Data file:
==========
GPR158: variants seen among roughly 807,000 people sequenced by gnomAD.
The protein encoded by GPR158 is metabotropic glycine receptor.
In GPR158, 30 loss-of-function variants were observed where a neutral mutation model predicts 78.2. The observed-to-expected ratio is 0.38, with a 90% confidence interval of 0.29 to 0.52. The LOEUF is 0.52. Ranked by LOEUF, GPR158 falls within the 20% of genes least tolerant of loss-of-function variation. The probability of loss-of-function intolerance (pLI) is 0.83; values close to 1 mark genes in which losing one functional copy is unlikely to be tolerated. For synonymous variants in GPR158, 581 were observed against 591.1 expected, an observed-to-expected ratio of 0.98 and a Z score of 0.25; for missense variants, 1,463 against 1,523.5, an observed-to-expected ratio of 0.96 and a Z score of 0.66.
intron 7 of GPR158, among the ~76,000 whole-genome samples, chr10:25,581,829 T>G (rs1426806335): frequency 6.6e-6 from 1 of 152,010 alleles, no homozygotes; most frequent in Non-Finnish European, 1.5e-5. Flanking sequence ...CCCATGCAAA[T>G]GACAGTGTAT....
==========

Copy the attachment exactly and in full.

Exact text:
GPR158: variants seen among roughly 807,000 people sequenced by gnomAD.
The protein encoded by GPR158 is metabotropic glycine receptor.
In GPR158, 30 loss-of-function variants were observed where a neutral mutation model predicts 78.2. The observed-to-expected ratio is 0.38, with a 90% confidence interval of 0.29 to 0.52. The LOEUF is 0.52. Ranked by LOEUF, GPR158 falls within the 20% of genes least tolerant of loss-of-function variation. The probability of loss-of-function intolerance (pLI) is 0.83; values close to 1 mark genes in which losing one functional copy is unlikely to be tolerated. For synonymous variants in GPR158, 581 were observed against 591.1 expected, an observed-to-expected ratio of 0.98 and a Z score of 0.25; for missense variants, 1,463 against 1,523.5, an observed-to-expected ratio of 0.96 and a Z score of 0.66.
intron 7 of GPR158, among the ~76,000 whole-genome samples, chr10:25,581,829 T>G (rs1426806335): frequency 6.6e-6 from 1 of 152,010 alleles, no homozygotes; most frequent in Non-Finnish European, 1.5e-5. Flanking sequence ...CCCATGCAAA[T>G]GACAGTGTAT....